So you've heard of the mom that was so filled with adrenalin, she lifted a car by herself in order to free her trapped child. What, you mean you haven't heard of that? Well you should have. It's urban legend. An average mom can suddenly be filled with superhuman strength or abilities when it comes to taking care of her children.
And sometimes she can find herself in very unusual circumstances for the same reason ...
While serving as missionaries in Uganda, we lived in a small town on the border between Uganda and Kenya. Once a month my husband would make the eight hour round trip to Kampala, the capital city of Uganda. He would pick up our support money for the month. He would also shop for meat, cheese, milk, and some other things that were difficult to find in our small town. Often he also had to deal with the myriad of paperwork involved in serving in a third world country. All of this took a great deal of time, so these monthly trips usually involved two or three days. We had another missionary family staying near us, and the two men decided to make the regular trip into Kampala together.
The men had been gone for about a day when my two youngest children got sick. Joel and Nicky were two and one years old at the time, and both started running high fevers. Joel kept vomiting until he had nothing left on his stomach, and Nicky's fever shot up to 105 degrees.
One of the things I had been given before I left for the mission field was a book entitled, Where There Is No Doctor. I think the title's self-explanatory. Anytime one of the kids came down with something that was not easily identifiable, I'd haul out the book and compare symptoms. "Okay, so there's fever and vomiting, but no headache, so I think we can rule out typhoid." It was an interesting book, but it didn't do much to diagnose my kids that day.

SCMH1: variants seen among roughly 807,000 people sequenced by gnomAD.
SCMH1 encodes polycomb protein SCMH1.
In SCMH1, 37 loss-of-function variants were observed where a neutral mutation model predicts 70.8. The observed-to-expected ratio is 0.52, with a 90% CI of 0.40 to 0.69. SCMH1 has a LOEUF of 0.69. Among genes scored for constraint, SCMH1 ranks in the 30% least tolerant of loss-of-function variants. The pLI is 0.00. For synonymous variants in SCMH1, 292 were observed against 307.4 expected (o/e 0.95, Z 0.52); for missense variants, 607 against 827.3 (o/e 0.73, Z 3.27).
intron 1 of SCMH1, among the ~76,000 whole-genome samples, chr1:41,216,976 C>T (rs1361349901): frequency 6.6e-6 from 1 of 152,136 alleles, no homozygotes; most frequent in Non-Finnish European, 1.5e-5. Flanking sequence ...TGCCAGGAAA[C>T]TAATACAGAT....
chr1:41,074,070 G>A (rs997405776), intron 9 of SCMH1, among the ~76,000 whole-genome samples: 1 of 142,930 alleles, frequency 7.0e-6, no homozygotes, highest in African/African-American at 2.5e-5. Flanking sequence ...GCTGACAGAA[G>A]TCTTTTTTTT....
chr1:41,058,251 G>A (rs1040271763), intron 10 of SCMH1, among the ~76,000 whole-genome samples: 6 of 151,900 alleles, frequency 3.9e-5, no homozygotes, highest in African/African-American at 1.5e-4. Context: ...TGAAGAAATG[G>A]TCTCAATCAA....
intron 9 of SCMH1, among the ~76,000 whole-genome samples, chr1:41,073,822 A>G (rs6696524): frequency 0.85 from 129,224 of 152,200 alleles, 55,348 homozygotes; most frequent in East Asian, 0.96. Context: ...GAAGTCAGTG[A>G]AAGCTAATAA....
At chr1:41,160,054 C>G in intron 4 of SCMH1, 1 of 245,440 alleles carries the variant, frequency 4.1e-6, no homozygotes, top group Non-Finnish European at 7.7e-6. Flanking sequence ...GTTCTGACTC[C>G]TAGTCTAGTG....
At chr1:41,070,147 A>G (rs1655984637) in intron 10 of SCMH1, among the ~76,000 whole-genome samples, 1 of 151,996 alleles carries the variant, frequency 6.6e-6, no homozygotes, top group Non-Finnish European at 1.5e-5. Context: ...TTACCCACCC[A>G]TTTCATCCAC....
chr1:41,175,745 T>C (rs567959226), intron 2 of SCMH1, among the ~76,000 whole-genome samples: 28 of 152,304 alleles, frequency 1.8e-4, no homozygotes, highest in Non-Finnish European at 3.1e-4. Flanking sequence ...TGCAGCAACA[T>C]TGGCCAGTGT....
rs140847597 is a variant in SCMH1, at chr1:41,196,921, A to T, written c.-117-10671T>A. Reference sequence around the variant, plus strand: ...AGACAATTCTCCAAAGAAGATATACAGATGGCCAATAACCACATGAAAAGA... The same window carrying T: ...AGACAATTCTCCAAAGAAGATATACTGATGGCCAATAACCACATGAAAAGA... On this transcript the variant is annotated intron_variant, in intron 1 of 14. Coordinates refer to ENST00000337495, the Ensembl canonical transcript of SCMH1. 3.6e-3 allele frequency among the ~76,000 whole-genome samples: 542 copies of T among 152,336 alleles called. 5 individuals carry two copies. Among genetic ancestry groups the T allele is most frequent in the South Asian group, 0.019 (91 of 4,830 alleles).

As Nicky's fever climbed higher, I got a little frantic. None of the children's tylenol I had was doing much to bring the fever down. My husband wouldn't be home for two more days, but my children needed help now.
Unfortunately, there were not a lot of medical options in our small town. In Ugandan schools, 30 is considered a passing grade. I wanted a doctor that got more than thirty percent right on his medical tests. I was discussing the problem with Lisa, the other missionary wife, when she had an idea.
Lisa had heard a rumor that there were American doctors in Mbale, a town thirty minutes north of us. She thought they were going to be starting an orthopaedic clinic that was funded by a mission organization. We didn't know if the rumor was true. We didn't know if they'd even started building their clinic, or if it was something planned in the future. We didn't know exactly where in Mbale it was located. So we did the only thing we could.
We went looking for them.
We loaded all eight kids (her two and my six) into our Isuzu Trooper, and set off on a quest to find medical help for my children.
This post is part of my Monday Memories. Part Two of a Mother on Adrenalin will be posted next Monday. In the meantime, what unusual things has motherhood called you to do?
To read the next installment of this memory, click here.